What I’ve Been Reading

I’ve been reading some good books recently, too many to address individually, so I thought I’d do one of those quick surveys I used to do.

Gary Barwin’s No TV For Woodpeckers – Gary Barwin never writes the same book twice, not remotely, and yet all of his books are worth reading, which is one of the better compliments I can offer an author. I reviewed No TV For Woodpeckers for the Rusty Toque, so you can get a fuller idea of what I think of it there. I’ll just say here that barwin does some fascinating things with proper names in these poems, and that the collection as a whole creates a unique and poetic sense of place.

Shane Neilson’s Dysphoria – There is no poet in Canada who provokes my emotions so deeply as Shane Neilson, to say nothing of what he accomplishes technically and formally. This collection is no exception. It’s a remarkable volume. Again, I’ve reviewed it at length elsewhere, for Contemporary Verse 2 (though there’s no electronic version of it, so you’ll just have to go get the Summer issue for yourself). Whether you read the review or not, do read Dysphoria (in fact, just read all of Neilson’s books).

Paul Auster’s 4321 – This is a crazy, amazing book, but I can’t recommend it without proviso. It’s long. It’s structurally experimental. It’s written almost entirely without dialogue. In other words, it’s not an easy read. It’s not a page-turner. It won’t keep you up all night. You will absolutely be able (tempted?) to put it down. But it’s also very much worth reading. Book some time for it, but get it done.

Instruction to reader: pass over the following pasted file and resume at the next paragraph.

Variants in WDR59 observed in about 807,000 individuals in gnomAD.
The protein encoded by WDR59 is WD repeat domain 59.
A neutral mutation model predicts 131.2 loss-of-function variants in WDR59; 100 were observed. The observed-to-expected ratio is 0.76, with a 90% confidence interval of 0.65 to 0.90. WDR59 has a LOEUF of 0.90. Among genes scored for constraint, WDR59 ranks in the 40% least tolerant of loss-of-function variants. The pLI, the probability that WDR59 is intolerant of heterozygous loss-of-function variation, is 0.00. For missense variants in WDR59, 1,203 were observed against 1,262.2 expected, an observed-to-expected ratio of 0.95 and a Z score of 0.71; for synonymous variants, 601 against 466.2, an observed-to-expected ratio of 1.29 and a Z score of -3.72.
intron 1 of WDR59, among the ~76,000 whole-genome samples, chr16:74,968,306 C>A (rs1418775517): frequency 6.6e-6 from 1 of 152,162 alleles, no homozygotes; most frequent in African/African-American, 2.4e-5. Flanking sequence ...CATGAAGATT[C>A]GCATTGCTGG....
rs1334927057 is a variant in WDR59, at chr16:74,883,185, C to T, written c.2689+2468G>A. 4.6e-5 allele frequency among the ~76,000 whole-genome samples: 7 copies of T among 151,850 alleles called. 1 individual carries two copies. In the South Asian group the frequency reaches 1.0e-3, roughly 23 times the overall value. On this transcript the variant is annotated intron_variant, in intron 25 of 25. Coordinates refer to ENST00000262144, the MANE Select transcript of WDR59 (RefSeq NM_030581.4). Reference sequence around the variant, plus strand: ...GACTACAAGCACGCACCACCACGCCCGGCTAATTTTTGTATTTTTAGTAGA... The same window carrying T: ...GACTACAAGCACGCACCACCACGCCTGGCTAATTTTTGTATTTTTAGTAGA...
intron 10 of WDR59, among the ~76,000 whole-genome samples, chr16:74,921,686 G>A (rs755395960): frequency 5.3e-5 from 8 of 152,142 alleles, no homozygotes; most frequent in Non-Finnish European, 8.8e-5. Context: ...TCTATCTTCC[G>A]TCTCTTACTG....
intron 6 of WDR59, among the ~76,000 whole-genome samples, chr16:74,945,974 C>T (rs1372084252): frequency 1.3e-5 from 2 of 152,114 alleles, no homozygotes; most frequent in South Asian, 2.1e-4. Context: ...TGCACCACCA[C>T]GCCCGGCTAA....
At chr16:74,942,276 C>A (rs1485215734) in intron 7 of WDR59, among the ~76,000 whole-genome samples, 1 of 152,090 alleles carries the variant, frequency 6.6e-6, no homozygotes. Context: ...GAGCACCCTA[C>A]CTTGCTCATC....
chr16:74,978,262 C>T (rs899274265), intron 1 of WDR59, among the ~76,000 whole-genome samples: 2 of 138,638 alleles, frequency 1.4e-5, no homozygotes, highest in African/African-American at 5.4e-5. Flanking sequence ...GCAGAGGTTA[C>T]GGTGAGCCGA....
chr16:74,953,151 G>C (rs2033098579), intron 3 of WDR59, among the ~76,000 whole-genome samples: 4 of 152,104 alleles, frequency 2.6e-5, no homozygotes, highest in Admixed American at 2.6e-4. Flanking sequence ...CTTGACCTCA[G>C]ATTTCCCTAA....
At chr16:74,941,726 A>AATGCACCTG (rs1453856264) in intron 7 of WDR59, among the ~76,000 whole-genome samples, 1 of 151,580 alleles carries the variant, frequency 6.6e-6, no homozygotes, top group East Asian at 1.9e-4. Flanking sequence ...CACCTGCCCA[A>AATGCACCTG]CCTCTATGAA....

George Saunders’ Lincoln in the Bardo – This book is a marvel –  historical scholarship mashed with historical fantasy in ways that you will never have seen before. The dialogue in some places is an absolute wonder, simultaneously farcical and moving. I read the whole book in one go at the bar one evening (a six pint book), then read it again more slowly over the next few days – loved it both times.

George Elliott Clarke’s Gold – Clarke was the first Canadian poet I ever read who I didn’t hate. I’d been fed a whole series of very “Canadian” poems by highschool teachers, all without any real context or biography or, well, anything. Then I picked up Clarke’s Whylah Falls and fell in love. Gold doesn’t strike me with the same power, but it has some great bits. The erotic sonnets in the middle are particularly wonderful.

James Lipton’s An Exultation of Larks – This is an older book (published in 1968), and it’s a book that will appeal most to word nerds. It explores the linguistic form of venery (a pride of lions, a flock of sheep, a gaggle of geese, and so forth). It’s a cute book, with lots of trips down etymology lane. It may not amuse you, but it amused me.

David Foster Wallace’s The Broom of the System – I have managed to avoid David Foster Wallace until now. I’m not entirely sure how. I made serious notes to myself several times over the years about intending to read him, but always seemed to get distracted by one thing or another. Learn from my error. Grab this book, especially if you’re a fan of the slightly surreal. Some of the scenes are masterfully absurd, but the larger story never falls incomprehensibility. I’m picking up Wallace’s Infinite Jest next.

 

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